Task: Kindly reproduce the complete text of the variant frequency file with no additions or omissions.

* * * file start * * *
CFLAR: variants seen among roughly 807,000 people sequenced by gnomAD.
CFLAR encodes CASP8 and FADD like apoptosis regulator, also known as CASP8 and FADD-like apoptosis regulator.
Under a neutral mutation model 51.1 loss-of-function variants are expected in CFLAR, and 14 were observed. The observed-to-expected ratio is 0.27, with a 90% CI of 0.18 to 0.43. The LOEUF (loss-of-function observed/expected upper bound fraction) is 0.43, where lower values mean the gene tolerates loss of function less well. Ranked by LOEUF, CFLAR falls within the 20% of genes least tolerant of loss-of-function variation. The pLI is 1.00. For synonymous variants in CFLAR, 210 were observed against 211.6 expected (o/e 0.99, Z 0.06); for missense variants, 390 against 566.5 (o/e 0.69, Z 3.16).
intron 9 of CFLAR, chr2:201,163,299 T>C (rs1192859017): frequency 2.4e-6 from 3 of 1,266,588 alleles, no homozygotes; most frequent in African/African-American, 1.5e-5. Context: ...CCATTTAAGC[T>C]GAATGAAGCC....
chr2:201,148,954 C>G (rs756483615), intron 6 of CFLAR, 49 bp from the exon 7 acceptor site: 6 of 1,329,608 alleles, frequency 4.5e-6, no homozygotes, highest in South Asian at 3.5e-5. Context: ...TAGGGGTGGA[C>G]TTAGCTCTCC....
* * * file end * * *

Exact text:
CFLAR: variants seen among roughly 807,000 people sequenced by gnomAD.
CFLAR encodes CASP8 and FADD like apoptosis regulator, also known as CASP8 and FADD-like apoptosis regulator.
Under a neutral mutation model 51.1 loss-of-function variants are expected in CFLAR, and 14 were observed. The observed-to-expected ratio is 0.27, with a 90% CI of 0.18 to 0.43. The LOEUF (loss-of-function observed/expected upper bound fraction) is 0.43, where lower values mean the gene tolerates loss of function less well. Ranked by LOEUF, CFLAR falls within the 20% of genes least tolerant of loss-of-function variation. The pLI is 1.00. For synonymous variants in CFLAR, 210 were observed against 211.6 expected (o/e 0.99, Z 0.06); for missense variants, 390 against 566.5 (o/e 0.69, Z 3.16).
intron 9 of CFLAR, chr2:201,163,299 T>C (rs1192859017): frequency 2.4e-6 from 3 of 1,266,588 alleles, no homozygotes; most frequent in African/African-American, 1.5e-5. Context: ...CCATTTAAGC[T>C]GAATGAAGCC....
chr2:201,148,954 C>G (rs756483615), intron 6 of CFLAR, 49 bp from the exon 7 acceptor site: 6 of 1,329,608 alleles, frequency 4.5e-6, no homozygotes, highest in South Asian at 3.5e-5. Context: ...TAGGGGTGGA[C>G]TTAGCTCTCC....